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The Slave Community: Plantation Life in the Antebellum South

John W. Blassingame's The Slave Community: Plantation Life in the Antebellum South provides a unique perspective of the cultural and personal development of the African-American slave on plantations during the period prior to the Civil War. His interpretation of the cultural and personal development of the American slave during the antebellum era contrasts with some authors who viewed such life as akin to imprisonment. Instead, Blassingame demonstrates that a certain mutuality in the relationship between plantation master and slave allowed for accommodation and negotiation, since the slave was a necessary economic generating resource for the master. Because the master, despite having total power legally over the slave, viewed the slave as necessary for making money, Blassingame argues that the slave "gained a sense of worth in the quarters, spent most of his time free from white surveillance by whites, controlled important aspects of his life, and did some personally meaningful things on his own volition."[1] In this manner, the slave was not totally controlled by the master or totally subservient to him.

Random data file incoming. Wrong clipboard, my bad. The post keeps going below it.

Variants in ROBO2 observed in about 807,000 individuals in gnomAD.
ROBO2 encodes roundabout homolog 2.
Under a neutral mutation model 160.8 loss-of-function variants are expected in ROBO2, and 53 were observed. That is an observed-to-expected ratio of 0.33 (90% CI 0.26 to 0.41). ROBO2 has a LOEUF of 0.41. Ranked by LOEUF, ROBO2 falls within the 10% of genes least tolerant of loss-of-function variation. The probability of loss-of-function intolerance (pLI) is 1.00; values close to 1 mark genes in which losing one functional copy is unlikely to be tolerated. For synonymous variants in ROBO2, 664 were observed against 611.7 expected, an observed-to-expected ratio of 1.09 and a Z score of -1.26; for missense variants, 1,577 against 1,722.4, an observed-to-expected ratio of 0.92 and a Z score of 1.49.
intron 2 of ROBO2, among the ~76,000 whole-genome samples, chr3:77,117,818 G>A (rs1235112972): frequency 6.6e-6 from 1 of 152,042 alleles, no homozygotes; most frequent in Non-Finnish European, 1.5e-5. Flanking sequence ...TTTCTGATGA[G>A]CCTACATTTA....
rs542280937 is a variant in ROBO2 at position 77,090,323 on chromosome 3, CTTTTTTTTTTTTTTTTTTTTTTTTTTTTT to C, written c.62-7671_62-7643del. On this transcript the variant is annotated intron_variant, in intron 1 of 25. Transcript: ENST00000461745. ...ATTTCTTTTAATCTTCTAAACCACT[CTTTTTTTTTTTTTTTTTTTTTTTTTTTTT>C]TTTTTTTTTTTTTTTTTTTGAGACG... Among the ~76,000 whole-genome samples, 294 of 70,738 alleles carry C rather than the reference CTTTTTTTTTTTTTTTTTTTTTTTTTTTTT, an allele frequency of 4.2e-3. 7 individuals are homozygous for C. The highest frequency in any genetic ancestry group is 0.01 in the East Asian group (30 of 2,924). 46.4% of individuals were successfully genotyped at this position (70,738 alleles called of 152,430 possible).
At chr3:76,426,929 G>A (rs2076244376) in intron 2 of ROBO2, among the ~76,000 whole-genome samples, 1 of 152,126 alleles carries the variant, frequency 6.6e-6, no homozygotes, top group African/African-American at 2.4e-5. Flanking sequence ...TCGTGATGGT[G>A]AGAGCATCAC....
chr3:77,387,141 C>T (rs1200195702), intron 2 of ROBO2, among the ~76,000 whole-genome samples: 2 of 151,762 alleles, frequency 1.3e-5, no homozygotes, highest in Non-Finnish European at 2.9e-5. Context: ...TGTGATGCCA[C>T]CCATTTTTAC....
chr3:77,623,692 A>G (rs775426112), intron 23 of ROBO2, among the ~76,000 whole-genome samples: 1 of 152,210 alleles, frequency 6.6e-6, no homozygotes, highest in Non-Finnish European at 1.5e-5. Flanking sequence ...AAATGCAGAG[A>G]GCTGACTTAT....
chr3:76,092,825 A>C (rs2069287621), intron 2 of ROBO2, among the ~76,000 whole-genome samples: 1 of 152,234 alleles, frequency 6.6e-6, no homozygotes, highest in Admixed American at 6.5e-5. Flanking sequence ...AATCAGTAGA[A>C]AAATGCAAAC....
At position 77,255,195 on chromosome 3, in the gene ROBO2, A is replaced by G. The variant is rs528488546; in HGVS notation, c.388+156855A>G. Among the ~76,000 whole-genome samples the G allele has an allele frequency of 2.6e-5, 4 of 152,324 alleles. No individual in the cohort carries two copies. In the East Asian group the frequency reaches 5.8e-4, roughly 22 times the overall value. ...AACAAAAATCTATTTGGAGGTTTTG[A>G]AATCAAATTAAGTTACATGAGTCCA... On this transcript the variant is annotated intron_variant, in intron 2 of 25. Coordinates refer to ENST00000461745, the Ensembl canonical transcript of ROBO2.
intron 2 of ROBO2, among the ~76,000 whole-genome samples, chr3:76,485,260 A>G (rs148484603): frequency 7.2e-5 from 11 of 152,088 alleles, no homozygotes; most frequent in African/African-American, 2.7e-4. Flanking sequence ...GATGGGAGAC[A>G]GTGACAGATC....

In this interpretation lies Blassingame's major theme of American slave cultural and personal development in the Antebellum South. Blassingame maintains greater autonomy over both and greater development than most think possible within the relationship of master-slave is evident for American slaves during this period. The author maintains that economic forces and the difficulty in restricting and monitoring others on a continual basis permitted a certain flexibility, accommodation, and economic mutuality within the master-slave relationship. As Blassingame maintains, despite the master having almost absolute power over the slave from a legal perspective, he was "dependent on the slave's labor for his economic survival, the planter ordinarily could not afford to starve, torture, or work him to death."[2] Thi...

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The Slave Community: Plantation Life in the Antebellum South. (1969, December 31). In LotsofEssays.com. Retrieved 20:06, June 19, 2019, from https://www.lotsofessays.com/viewpaper/2000683.html